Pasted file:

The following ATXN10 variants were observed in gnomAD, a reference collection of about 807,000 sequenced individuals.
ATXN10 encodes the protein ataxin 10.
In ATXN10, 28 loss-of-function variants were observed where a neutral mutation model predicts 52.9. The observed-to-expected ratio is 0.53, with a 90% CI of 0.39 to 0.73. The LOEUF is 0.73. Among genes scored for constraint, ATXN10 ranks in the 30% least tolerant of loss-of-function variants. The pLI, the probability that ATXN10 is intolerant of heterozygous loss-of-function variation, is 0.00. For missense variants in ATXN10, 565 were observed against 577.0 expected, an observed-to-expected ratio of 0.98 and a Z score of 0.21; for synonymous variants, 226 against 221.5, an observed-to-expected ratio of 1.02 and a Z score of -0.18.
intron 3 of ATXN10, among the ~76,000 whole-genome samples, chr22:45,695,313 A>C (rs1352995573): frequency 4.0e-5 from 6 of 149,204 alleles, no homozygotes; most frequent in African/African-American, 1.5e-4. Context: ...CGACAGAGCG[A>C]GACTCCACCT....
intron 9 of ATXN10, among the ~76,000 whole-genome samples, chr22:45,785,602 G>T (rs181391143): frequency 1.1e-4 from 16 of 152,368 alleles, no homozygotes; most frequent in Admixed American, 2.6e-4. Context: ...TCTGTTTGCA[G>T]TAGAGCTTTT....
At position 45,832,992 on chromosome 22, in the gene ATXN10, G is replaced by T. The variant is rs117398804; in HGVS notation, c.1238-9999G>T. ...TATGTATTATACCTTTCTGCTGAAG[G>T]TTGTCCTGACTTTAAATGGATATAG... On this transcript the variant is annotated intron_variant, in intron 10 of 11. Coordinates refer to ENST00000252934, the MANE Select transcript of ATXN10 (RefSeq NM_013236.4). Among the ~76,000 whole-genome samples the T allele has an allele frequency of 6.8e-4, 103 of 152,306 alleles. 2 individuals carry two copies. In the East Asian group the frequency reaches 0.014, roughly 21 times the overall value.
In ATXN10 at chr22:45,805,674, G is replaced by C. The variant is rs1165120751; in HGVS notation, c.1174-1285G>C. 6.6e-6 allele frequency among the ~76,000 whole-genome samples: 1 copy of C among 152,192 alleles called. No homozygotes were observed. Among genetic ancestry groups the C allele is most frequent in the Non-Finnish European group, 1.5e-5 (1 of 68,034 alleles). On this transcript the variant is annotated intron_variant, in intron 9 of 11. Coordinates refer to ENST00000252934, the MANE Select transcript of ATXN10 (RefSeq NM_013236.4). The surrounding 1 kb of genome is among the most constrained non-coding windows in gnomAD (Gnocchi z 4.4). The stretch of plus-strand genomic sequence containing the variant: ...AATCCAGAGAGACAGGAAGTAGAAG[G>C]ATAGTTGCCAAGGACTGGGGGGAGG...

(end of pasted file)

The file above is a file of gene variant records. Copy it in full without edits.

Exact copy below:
The following ATXN10 variants were observed in gnomAD, a reference collection of about 807,000 sequenced individuals.
ATXN10 encodes the protein ataxin 10.
In ATXN10, 28 loss-of-function variants were observed where a neutral mutation model predicts 52.9. The observed-to-expected ratio is 0.53, with a 90% CI of 0.39 to 0.73. The LOEUF is 0.73. Among genes scored for constraint, ATXN10 ranks in the 30% least tolerant of loss-of-function variants. The pLI, the probability that ATXN10 is intolerant of heterozygous loss-of-function variation, is 0.00. For missense variants in ATXN10, 565 were observed against 577.0 expected, an observed-to-expected ratio of 0.98 and a Z score of 0.21; for synonymous variants, 226 against 221.5, an observed-to-expected ratio of 1.02 and a Z score of -0.18.
intron 3 of ATXN10, among the ~76,000 whole-genome samples, chr22:45,695,313 A>C (rs1352995573): frequency 4.0e-5 from 6 of 149,204 alleles, no homozygotes; most frequent in African/African-American, 1.5e-4. Context: ...CGACAGAGCG[A>C]GACTCCACCT....
intron 9 of ATXN10, among the ~76,000 whole-genome samples, chr22:45,785,602 G>T (rs181391143): frequency 1.1e-4 from 16 of 152,368 alleles, no homozygotes; most frequent in Admixed American, 2.6e-4. Context: ...TCTGTTTGCA[G>T]TAGAGCTTTT....
At position 45,832,992 on chromosome 22, in the gene ATXN10, G is replaced by T. The variant is rs117398804; in HGVS notation, c.1238-9999G>T. ...TATGTATTATACCTTTCTGCTGAAG[G>T]TTGTCCTGACTTTAAATGGATATAG... On this transcript the variant is annotated intron_variant, in intron 10 of 11. Coordinates refer to ENST00000252934, the MANE Select transcript of ATXN10 (RefSeq NM_013236.4). Among the ~76,000 whole-genome samples the T allele has an allele frequency of 6.8e-4, 103 of 152,306 alleles. 2 individuals carry two copies. In the East Asian group the frequency reaches 0.014, roughly 21 times the overall value.
In ATXN10 at chr22:45,805,674, G is replaced by C. The variant is rs1165120751; in HGVS notation, c.1174-1285G>C. 6.6e-6 allele frequency among the ~76,000 whole-genome samples: 1 copy of C among 152,192 alleles called. No homozygotes were observed. Among genetic ancestry groups the C allele is most frequent in the Non-Finnish European group, 1.5e-5 (1 of 68,034 alleles). On this transcript the variant is annotated intron_variant, in intron 9 of 11. Coordinates refer to ENST00000252934, the MANE Select transcript of ATXN10 (RefSeq NM_013236.4). The surrounding 1 kb of genome is among the most constrained non-coding windows in gnomAD (Gnocchi z 4.4). The stretch of plus-strand genomic sequence containing the variant: ...AATCCAGAGAGACAGGAAGTAGAAG[G>C]ATAGTTGCCAAGGACTGGGGGGAGG...